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Agronomic and physiological response of giant reed (Arundo donax L.) to soil salinity

Ida Di Mola, Gianpiero Guida, Carmela Mistretta, Pasquale Giorio, Rossella Albrizio, Donato Visconti, Massimo Fagnano, Mauro Mori
  • Ida Di Mola
    Department of Agricultural Sciences, University of Naples, Portici (NA), Italy
  • Gianpiero Guida
    National Research Council of Italy (CNR), Institute for Agricultural and Forestry Systems in the Mediterranean (ISAFOM), Ercolano (NA), Italy
  • Carmela Mistretta
    National Research Council of Italy (CNR), Institute for Agricultural and Forestry Systems in the Mediterranean (ISAFOM), Ercolano (NA), Italy
  • Pasquale Giorio
    National Research Council of Italy (CNR), Institute for Agricultural and Forestry Systems in the Mediterranean (ISAFOM), Ercolano (NA), Italy
  • Rossella Albrizio
    National Research Council of Italy (CNR), Institute for Agricultural and Forestry Systems in the Mediterranean (ISAFOM), Ercolano (NA), Italy
  • Donato Visconti
    Department of Agricultural Sciences, University of Naples, Portici (NA), Italy
  • Massimo Fagnano
    Department of Agricultural Sciences, University of Naples, Portici (NA), Italy | fagnano@unina.it
  • Mauro Mori
    Department of Agricultural Sciences, University of Naples, Portici (NA), Italy

Abstract

The soil salinity increase in the Mediterranean basin is one of the consequences of the climate change. The aim of this study was to evaluate the adaptability of giant reed (Arundo donax L.) to salinity, in conditions of higher temperatures, in order to hypothesise the future use of giant reed under these conditions. The trial was carried out in pots under a permanent metal structure, open on the sides and with a clear PE on the top. Four levels of soil salinity in the range 3.3-15.5 dS m-1 were imposed. The stem number of the most stressed treatment was about 45% lower than the control and also the stem height was lower than in all other treatments. The green and yellow leaf number decreased as the soil salinity increased, and their sum was significantly lower in the two most stressed treatments. Osmotic potential of the leaf sap was not affected by salinity. Leaf water potential and stomatal conductance in the saline treatments were lower than in the control. Assimilation rate showed similar pattern of stomatal conductance. Intrinsic WUE remained almost stable until July and increased during August under the most stressful conditions. PSII photochemistry was not affected by soil salinity. Biomass yield was not different from the control until to soil ECe 12.0 dS m-1: only the most stressed treatment (15.5 dS m-1) caused yield losses (50%). Tolerance threshold to salinity was 11.2 dS m-1 and the relative yield losses were 11.6% per dS m-1.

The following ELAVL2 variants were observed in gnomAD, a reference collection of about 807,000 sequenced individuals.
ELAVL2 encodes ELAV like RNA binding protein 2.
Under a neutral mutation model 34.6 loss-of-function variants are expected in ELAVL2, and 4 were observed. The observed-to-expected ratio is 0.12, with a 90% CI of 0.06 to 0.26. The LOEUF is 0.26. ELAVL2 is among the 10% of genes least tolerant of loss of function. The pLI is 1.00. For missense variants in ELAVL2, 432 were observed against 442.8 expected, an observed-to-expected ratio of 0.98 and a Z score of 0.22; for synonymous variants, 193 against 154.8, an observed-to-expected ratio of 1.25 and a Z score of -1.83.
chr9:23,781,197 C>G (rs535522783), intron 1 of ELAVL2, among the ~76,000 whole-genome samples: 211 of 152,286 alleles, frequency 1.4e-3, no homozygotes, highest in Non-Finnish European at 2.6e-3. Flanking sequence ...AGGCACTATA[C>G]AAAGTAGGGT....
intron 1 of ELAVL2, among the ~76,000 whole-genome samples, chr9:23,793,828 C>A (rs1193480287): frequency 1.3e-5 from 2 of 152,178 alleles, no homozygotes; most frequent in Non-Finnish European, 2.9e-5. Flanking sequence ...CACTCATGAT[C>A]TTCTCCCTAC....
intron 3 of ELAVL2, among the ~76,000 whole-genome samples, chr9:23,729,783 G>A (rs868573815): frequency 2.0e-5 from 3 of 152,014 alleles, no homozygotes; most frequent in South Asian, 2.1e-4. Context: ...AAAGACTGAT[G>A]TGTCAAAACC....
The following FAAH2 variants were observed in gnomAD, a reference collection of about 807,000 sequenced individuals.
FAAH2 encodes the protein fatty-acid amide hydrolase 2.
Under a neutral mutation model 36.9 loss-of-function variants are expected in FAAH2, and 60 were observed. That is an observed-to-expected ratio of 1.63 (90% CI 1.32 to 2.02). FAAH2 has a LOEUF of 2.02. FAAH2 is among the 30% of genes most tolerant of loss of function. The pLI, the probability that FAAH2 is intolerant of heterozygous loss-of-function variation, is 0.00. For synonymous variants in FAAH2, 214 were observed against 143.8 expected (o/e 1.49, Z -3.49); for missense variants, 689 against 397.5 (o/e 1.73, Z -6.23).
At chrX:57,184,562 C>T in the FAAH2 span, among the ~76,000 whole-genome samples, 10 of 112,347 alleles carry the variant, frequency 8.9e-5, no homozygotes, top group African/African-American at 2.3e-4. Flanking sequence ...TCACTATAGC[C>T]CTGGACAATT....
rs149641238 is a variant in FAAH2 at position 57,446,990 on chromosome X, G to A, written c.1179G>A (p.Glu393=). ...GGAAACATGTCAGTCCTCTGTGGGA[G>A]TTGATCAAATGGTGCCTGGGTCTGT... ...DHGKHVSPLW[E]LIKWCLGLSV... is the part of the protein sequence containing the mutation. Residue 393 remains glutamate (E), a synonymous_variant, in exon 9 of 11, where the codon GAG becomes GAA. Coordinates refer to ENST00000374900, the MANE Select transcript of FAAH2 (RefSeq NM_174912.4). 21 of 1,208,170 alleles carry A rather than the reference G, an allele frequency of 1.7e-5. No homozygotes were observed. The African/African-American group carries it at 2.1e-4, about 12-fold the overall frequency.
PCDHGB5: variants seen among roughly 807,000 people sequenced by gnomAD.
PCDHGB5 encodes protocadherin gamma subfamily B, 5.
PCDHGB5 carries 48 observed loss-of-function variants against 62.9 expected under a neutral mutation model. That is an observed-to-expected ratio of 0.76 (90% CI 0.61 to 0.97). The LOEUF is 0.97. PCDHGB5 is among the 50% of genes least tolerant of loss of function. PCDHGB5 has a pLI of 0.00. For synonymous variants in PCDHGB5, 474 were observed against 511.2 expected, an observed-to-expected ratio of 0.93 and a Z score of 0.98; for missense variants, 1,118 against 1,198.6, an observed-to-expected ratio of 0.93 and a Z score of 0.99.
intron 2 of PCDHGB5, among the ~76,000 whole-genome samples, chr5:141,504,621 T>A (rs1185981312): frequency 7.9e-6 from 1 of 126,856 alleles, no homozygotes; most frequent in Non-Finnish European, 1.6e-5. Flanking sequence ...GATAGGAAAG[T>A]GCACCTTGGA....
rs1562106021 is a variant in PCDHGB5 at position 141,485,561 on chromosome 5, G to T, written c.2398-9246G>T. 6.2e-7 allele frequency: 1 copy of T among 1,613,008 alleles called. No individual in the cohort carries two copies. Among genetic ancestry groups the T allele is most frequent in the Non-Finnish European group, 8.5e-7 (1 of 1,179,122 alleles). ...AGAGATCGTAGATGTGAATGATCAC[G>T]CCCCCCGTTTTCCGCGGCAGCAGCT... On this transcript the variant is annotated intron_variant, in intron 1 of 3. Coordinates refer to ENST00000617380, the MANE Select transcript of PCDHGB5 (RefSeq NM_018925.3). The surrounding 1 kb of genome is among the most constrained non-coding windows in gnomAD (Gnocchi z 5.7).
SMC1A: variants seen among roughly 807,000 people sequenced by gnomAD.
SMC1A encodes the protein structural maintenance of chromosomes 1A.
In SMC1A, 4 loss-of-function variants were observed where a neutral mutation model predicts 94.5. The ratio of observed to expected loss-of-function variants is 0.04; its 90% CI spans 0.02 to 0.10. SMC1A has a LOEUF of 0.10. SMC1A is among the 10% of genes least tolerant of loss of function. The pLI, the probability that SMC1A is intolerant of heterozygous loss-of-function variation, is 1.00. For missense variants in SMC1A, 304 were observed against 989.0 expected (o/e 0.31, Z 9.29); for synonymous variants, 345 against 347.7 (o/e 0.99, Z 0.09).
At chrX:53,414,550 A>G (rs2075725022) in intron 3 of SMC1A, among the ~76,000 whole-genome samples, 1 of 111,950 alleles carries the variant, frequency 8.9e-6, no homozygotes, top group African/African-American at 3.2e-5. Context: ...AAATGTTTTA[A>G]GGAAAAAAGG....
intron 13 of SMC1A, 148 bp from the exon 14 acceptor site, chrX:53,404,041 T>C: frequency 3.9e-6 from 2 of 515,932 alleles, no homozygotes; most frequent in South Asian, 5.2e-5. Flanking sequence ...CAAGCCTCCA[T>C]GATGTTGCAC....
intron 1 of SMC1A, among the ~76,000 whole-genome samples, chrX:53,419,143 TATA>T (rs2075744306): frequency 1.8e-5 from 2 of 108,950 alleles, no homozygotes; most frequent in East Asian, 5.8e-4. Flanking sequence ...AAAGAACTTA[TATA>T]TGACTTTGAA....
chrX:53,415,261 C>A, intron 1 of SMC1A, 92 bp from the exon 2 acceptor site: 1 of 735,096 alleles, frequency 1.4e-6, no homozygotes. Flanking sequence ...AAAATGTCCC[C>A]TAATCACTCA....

Keywords

Arundo donax; soil salinity; adaptability; yield; ecophysiology; climate changes.

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Submitted: 2017-04-19 15:31:33
Published: 2018-01-18 17:23:12
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Copyright (c) 2018 Ida Di Mola, Gianpiero Guida, Carmela Mistretta, Pasquale Giorio, Rossella Albrizio, Donato Visconti, Massimo Fagnano, Mauro Mori

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